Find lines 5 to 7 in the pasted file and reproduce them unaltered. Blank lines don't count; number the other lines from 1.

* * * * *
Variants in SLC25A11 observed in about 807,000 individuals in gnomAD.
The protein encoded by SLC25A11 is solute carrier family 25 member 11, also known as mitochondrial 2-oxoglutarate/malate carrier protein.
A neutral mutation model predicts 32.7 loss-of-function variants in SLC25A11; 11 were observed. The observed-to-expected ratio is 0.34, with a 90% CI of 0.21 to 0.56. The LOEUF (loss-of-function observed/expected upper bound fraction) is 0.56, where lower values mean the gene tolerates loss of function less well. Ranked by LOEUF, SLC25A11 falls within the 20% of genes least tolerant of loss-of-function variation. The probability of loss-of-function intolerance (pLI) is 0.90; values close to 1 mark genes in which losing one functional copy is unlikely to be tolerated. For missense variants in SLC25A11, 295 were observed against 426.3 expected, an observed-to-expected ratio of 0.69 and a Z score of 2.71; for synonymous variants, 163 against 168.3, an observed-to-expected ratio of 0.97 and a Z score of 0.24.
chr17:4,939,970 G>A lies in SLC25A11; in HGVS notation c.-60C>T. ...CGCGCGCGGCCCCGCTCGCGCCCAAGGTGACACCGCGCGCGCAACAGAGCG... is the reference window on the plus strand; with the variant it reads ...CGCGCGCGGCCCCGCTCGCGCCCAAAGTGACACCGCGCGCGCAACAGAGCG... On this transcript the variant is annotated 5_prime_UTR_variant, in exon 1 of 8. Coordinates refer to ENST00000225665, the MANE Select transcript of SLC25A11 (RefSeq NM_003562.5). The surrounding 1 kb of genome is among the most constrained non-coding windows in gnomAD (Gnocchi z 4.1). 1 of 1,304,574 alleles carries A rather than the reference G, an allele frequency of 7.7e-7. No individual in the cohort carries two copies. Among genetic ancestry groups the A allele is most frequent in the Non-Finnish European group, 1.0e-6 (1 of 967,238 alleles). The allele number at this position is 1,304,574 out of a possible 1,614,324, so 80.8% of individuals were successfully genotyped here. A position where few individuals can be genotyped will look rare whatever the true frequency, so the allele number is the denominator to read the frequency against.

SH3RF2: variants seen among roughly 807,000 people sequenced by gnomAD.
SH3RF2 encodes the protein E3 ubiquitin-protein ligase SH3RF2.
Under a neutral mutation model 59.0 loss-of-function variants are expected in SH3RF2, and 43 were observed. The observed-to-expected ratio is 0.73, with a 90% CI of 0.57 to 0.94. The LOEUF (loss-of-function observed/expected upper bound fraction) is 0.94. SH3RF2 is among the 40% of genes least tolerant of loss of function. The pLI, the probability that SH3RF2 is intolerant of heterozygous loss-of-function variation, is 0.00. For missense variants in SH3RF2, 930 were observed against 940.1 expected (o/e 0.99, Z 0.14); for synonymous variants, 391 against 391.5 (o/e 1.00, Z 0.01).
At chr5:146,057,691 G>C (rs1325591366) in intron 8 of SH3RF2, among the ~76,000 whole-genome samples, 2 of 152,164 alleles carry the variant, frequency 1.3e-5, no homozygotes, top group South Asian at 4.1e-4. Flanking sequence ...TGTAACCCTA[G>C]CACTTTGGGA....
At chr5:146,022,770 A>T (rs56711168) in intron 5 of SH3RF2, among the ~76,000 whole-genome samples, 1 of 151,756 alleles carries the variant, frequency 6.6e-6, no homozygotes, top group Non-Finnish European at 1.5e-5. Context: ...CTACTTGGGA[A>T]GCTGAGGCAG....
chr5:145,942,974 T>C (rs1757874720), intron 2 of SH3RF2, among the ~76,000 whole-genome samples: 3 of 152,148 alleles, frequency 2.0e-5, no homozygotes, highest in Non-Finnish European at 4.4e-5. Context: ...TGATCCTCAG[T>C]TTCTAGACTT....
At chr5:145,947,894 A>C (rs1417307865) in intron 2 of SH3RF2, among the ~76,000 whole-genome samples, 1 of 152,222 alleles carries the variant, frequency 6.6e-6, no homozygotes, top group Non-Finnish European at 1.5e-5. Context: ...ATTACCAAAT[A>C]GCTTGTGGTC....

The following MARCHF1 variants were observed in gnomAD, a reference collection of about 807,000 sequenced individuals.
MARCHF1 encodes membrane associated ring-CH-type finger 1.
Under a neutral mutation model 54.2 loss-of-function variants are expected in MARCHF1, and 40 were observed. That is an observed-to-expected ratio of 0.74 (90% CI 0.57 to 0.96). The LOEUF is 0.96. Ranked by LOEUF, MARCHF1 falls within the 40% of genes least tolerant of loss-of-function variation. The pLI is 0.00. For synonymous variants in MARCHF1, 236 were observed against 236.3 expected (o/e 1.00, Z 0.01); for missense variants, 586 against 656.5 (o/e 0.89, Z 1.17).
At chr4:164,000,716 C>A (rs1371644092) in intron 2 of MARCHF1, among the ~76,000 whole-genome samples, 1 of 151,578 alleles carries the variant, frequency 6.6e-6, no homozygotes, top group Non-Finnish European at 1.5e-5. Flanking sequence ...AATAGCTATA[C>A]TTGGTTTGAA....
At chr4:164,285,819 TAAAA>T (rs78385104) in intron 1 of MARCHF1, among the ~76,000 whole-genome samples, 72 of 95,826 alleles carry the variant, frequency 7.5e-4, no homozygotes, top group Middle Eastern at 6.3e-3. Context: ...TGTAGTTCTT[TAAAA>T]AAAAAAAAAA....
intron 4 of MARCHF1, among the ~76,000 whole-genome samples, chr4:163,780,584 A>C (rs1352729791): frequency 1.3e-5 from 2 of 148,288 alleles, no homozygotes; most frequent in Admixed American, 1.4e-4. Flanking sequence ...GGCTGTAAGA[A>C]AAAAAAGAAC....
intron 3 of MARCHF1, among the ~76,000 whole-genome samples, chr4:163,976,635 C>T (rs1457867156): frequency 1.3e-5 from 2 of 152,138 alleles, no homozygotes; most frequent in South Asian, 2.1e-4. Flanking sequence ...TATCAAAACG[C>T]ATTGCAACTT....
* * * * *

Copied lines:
SH3RF2: variants seen among roughly 807,000 people sequenced by gnomAD.
SH3RF2 encodes the protein E3 ubiquitin-protein ligase SH3RF2.
Under a neutral mutation model 59.0 loss-of-function variants are expected in SH3RF2, and 43 were observed. The observed-to-expected ratio is 0.73, with a 90% CI of 0.57 to 0.94. The LOEUF (loss-of-function observed/expected upper bound fraction) is 0.94. SH3RF2 is among the 40% of genes least tolerant of loss of function. The pLI, the probability that SH3RF2 is intolerant of heterozygous loss-of-function variation, is 0.00. For missense variants in SH3RF2, 930 were observed against 940.1 expected (o/e 0.99, Z 0.14); for synonymous variants, 391 against 391.5 (o/e 1.00, Z 0.01).